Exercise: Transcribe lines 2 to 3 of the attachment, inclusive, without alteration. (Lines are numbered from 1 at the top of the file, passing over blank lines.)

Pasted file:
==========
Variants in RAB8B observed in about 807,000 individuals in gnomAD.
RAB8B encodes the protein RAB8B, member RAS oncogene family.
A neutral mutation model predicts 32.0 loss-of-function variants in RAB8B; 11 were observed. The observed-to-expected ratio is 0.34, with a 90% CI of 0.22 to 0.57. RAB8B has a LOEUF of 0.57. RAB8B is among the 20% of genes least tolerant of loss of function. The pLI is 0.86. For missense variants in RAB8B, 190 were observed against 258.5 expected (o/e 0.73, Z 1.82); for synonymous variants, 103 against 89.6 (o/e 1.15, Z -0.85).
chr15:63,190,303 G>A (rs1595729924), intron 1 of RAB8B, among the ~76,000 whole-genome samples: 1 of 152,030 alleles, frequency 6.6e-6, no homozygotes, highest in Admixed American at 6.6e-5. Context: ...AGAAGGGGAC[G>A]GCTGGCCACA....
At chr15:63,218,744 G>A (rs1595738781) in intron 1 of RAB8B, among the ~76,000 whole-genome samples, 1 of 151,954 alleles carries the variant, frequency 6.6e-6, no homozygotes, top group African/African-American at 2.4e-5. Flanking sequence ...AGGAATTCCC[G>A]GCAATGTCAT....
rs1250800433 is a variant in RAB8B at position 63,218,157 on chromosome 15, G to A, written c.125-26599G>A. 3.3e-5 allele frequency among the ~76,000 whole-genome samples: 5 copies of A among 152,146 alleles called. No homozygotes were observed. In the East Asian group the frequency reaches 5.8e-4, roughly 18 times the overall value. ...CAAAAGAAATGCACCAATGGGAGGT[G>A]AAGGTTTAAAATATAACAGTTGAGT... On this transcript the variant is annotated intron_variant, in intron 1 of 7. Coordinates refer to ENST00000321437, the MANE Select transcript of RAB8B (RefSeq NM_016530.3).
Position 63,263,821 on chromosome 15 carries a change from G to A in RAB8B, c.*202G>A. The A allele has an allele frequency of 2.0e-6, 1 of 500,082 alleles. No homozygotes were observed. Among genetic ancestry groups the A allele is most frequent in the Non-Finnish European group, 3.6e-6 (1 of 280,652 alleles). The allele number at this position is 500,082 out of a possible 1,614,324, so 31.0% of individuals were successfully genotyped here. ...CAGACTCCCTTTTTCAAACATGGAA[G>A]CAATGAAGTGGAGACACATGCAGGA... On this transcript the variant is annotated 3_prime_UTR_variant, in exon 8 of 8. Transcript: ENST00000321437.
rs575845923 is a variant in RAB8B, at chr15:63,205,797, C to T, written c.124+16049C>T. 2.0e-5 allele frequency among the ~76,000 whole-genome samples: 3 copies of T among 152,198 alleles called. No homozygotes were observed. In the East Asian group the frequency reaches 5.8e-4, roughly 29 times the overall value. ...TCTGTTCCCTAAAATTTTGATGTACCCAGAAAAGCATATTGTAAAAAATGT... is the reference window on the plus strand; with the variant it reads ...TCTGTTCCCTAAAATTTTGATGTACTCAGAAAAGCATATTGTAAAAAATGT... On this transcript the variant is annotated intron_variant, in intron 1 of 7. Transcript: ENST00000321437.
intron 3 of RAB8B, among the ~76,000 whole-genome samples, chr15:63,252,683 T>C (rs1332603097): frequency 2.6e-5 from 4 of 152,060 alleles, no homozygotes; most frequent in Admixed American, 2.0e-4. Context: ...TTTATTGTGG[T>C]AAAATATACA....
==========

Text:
RAB8B encodes the protein RAB8B, member RAS oncogene family.
A neutral mutation model predicts 32.0 loss-of-function variants in RAB8B; 11 were observed. The observed-to-expected ratio is 0.34, with a 90% CI of 0.22 to 0.57. RAB8B has a LOEUF of 0.57. RAB8B is among the 20% of genes least tolerant of loss of function. The pLI is 0.86. For missense variants in RAB8B, 190 were observed against 258.5 expected (o/e 0.73, Z 1.82); for synonymous variants, 103 against 89.6 (o/e 1.15, Z -0.85).